Nikon aperture in 1/3 stop increment

Discussion in '35mm Cameras and Accessories' started by Chan Tran, Mar 6, 2013.

  1. Chan Tran

    Chan Tran Member

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    Newer cameras allow for setting aperture in 1/3 stops. My question is specific to Nikon cameras because I believe each brand may do the round off differently and they are not mathematically exact (or correct). I can check on my cameras but I don't have any lens that is faster than f/2.8 so I don't know the larger aperture values. Again I mean the values that are specific to Nikon.
     
  2. polyglot

    polyglot Member

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    What are you asking, exactly? Do you want to know the common 1/3-stop points for faster than 2.8?
     
  3. bdial

    bdial Subscriber

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    Most Nikon lenses I am familiar with are numbered 2.8 - 2 - 1.4 or 1.2 for the larger apertures, but there is a 1.8 50mm so it's not universal, that one goes 2.8 - 1.8.

    No Nikkor's I've used have click stops at anything other than full stop increments, though the lens can be set to any intermediate point.
     
  4. LiamG

    LiamG Member

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    I think the question is basically: if you take say a f1.4 G series lens and spin the aperture dial on the camera, what sequence of numbers does it display, in 1/3 stops?

    I don't have any newer bodies ATM, so I can't answer, and I don't really see the point, considering Nikon's mechanical aperture coupling is hardly precise by any measure.
     
  5. Chan Tran

    Chan Tran Member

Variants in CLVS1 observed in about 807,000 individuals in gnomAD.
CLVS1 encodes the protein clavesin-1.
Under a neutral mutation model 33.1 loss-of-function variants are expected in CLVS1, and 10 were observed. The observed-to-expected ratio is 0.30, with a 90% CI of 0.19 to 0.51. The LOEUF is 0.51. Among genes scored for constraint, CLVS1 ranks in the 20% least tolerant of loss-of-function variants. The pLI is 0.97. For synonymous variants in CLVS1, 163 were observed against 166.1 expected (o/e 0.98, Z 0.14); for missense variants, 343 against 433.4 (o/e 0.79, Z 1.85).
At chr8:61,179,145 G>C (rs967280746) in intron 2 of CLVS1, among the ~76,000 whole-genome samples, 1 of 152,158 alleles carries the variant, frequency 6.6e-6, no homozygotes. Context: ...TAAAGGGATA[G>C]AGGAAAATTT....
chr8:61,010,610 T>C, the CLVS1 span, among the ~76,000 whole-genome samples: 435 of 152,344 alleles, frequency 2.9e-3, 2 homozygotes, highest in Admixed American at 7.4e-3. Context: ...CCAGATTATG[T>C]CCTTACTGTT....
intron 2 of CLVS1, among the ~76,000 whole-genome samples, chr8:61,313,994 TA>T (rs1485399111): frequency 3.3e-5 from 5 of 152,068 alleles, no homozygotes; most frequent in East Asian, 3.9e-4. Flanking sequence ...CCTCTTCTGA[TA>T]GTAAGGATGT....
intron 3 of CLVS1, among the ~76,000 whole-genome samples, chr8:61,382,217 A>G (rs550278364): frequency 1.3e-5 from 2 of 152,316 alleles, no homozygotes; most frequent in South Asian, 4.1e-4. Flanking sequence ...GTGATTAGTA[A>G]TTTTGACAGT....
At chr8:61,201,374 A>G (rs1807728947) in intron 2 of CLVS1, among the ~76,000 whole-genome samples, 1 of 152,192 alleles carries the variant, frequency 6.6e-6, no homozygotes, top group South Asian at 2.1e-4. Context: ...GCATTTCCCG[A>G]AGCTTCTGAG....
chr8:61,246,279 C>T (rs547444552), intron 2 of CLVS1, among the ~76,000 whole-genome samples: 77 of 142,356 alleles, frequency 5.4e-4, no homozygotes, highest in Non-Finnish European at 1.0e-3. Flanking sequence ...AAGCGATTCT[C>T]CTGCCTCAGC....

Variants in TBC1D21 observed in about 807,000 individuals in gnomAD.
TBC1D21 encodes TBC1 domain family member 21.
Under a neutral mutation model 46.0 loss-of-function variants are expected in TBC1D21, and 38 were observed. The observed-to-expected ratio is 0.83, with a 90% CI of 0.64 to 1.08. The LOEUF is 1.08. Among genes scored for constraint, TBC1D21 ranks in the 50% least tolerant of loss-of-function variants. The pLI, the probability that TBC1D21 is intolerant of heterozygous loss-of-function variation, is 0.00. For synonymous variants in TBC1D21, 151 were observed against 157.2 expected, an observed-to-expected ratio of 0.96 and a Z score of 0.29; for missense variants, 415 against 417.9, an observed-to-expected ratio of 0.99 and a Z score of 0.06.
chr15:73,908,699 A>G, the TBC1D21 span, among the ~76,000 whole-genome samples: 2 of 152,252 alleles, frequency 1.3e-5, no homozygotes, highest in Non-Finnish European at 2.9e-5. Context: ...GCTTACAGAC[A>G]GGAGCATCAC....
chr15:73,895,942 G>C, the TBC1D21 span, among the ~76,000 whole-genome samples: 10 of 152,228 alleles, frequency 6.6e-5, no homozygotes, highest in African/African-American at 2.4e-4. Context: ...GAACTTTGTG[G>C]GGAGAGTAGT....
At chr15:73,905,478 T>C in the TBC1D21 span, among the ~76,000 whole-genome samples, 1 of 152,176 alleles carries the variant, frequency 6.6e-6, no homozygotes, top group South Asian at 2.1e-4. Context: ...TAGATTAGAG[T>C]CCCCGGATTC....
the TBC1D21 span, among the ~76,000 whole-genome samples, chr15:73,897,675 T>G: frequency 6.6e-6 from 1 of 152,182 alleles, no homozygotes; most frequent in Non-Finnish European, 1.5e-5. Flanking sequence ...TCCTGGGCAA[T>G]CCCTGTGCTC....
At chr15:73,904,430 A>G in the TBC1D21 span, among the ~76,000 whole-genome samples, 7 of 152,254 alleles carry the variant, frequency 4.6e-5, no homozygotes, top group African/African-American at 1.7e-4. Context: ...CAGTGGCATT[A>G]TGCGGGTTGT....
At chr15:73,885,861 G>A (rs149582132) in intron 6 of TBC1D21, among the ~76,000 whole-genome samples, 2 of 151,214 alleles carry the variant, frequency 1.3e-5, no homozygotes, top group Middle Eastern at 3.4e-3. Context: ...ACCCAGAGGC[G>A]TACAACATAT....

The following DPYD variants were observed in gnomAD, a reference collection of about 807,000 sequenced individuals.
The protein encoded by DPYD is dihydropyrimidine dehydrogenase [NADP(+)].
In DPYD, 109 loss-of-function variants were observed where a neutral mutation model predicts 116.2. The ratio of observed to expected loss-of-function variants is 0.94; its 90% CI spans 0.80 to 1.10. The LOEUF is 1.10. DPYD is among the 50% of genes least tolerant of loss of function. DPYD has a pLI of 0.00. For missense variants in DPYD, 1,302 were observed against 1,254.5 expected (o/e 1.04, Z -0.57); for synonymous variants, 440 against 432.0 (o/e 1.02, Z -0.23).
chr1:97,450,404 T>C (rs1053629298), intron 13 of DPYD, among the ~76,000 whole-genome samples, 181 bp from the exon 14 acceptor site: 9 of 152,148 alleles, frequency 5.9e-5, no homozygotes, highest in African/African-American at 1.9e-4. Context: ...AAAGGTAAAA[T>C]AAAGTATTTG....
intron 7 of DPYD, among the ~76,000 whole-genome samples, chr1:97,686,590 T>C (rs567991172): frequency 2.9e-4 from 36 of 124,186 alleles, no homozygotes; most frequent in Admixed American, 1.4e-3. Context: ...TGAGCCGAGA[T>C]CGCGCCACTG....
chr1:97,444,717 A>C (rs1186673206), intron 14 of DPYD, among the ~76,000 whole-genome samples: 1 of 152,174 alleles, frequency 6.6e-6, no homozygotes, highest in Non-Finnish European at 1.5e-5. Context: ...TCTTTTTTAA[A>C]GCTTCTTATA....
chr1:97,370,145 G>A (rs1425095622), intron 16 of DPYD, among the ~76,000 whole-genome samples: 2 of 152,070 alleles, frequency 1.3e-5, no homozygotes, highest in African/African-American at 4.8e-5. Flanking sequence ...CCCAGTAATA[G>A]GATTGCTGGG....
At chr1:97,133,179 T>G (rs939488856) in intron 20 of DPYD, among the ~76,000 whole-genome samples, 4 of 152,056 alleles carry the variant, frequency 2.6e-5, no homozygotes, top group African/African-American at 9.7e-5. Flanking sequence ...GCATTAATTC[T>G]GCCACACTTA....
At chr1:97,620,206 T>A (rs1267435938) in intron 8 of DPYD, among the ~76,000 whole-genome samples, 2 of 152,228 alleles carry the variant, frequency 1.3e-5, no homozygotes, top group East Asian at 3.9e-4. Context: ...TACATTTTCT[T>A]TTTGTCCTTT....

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    LiamG. Yes that is what I want to know. No I am not looking for precision but rather looking for consistent with the display of the camera. I know with some values Nikon uses the wrong round off value for example f/3.5 should really be f/3.6 so when I make a list I would want my list to be the same as that of the camera (not the corrrectly rounding off one).
     
  6. Ian C

    Ian C Member

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    These are the conventional aperture numbers in 1/3 stop increments from f/1 to f/22

    1.0, 1.1, 1.2, 1.4, 1.6, 1.8, 2, 2.2, 2.5, 2.8, 3.2, 3.5, 4, 4.5, 5.0, 5.6, 6.3, 7.1, 8, 9, 10, 11, 13, 14, 16, 18, 20, 22

    The numbers are a convention, not the precise calculated values. I don't know whether these match the numbers displayed by your camera.
     
  7. Chan Tran

    Chan Tran Member

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    I think it is except I am not sure with the f/1.2. It could be f/1.3. I checked from 2.8 and up and your sequence is correct.
     
  8. dorff

    dorff Member

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    It is not really that much of an issue, is it? As long as you understand on your scale what it represents, who cares? Since the intermediate f-stops are already well rounded, the scale is merely an indication, not exact mathematical values. Your lenses and cameras are probably calibrated to the real values rather than the nominal scale. This applies to shutter speeds too: 1/125 is really 1/128; 1/15 is really 1/16 etc. An f-stop list in 1/3 increments from 1 up would be:

    1
    1.122
    1.260
    1.414
    1.587
    1.782
    2
    2.245
    2.520
    2.828
    3.175
    3.564
    4
    4.490
    5.040
    5.657
    6.350
    7.127
    8
    8.980
    10.08
    11.31
    12.70
    14.25
    16
    17.96
    20.16
    22.63
     
  9. Chan Tran

    Chan Tran Member

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    Thanks everyone! I was looking for what displayed on Nikon cameras and not what is correct as I can easily calculate those.
     
  10. oms

    oms Member

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    So here's an amusing bit of somewhat-related trivia:

    On Nikon cameras, you can only set the aperture in 1/3 stop (or larger) intervals using the command dial. If you set the aperture with the aperture ring on the lens, then in principle you can set any f-stop, but the camera only reports full-stop changes. However, if you fix the aperture ring at wide-open aperture on a variable aperture zoom (or macro) lens, then as you zoom (or focus) in, the camera will report the true f-stop in much finer steps. For example, on my f/4.0-5.6 "plastic fantastic" zoom, I get true apertures reported as: f/4, 4.2, 4.5, 4.8, 5, 5.3, 5.6.
    :cool:
     
  11. PhotoJim

    PhotoJim Member

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    Most Nikons display third stop settings, but some show half stops, so it depends on the camera.